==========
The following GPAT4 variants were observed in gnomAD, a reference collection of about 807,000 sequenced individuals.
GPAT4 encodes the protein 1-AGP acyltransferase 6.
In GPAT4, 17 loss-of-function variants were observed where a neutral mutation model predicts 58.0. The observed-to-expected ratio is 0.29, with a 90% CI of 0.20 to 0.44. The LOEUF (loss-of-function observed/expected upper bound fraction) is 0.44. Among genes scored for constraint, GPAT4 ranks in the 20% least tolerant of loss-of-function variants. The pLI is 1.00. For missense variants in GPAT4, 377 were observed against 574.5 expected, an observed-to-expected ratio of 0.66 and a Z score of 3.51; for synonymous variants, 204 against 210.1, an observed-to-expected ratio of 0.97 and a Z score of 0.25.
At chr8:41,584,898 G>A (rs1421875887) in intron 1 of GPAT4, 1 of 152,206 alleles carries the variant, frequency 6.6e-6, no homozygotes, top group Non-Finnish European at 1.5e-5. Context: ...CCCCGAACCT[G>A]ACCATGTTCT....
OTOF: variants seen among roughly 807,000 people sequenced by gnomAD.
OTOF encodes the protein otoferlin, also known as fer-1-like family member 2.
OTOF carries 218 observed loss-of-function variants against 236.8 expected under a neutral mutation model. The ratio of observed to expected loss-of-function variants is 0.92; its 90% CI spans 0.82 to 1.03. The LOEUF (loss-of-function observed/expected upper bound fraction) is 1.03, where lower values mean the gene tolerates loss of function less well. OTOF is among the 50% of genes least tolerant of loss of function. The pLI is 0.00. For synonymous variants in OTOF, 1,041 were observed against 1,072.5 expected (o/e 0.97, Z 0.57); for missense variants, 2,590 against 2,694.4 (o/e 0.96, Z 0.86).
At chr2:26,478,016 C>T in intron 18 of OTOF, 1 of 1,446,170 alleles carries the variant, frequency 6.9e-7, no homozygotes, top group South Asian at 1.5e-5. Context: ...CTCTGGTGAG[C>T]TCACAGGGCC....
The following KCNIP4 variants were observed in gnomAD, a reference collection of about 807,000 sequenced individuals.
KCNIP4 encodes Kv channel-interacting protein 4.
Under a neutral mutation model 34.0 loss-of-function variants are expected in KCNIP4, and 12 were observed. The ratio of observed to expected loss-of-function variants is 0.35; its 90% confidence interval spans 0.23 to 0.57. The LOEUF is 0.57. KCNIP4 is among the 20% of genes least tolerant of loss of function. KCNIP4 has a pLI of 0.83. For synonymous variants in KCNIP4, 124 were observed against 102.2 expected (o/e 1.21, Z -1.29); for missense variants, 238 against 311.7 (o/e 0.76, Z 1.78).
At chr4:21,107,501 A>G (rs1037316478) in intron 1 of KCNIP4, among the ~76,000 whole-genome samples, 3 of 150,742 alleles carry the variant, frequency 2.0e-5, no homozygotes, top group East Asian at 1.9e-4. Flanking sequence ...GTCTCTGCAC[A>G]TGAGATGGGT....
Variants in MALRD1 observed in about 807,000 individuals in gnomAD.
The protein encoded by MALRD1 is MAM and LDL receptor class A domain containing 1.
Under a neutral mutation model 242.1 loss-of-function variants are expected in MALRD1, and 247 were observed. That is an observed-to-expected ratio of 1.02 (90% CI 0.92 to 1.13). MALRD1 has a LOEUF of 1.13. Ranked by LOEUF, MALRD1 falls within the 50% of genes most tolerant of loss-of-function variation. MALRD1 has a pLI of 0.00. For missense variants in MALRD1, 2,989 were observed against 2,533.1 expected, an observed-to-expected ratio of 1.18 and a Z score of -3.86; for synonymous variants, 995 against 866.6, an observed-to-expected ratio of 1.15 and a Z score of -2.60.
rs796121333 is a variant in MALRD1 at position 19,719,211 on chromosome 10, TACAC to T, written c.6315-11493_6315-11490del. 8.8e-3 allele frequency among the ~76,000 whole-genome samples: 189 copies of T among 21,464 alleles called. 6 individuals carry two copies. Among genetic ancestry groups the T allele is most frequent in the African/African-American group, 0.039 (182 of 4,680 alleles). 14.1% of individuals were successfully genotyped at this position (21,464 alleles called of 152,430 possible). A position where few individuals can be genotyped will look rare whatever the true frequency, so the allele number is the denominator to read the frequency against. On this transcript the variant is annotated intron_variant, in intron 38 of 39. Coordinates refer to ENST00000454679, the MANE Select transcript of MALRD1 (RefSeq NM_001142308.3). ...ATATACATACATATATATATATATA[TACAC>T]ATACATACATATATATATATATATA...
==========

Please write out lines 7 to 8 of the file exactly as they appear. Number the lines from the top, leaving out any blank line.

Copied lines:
OTOF carries 218 observed loss-of-function variants against 236.8 expected under a neutral mutation model. The ratio of observed to expected loss-of-function variants is 0.92; its 90% CI spans 0.82 to 1.03. The LOEUF (loss-of-function observed/expected upper bound fraction) is 1.03, where lower values mean the gene tolerates loss of function less well. OTOF is among the 50% of genes least tolerant of loss of function. The pLI is 0.00. For synonymous variants in OTOF, 1,041 were observed against 1,072.5 expected (o/e 0.97, Z 0.57); for missense variants, 2,590 against 2,694.4 (o/e 0.96, Z 0.86).
At chr2:26,478,016 C>T in intron 18 of OTOF, 1 of 1,446,170 alleles carries the variant, frequency 6.9e-7, no homozygotes, top group South Asian at 1.5e-5. Context: ...CTCTGGTGAG[C>T]TCACAGGGCC....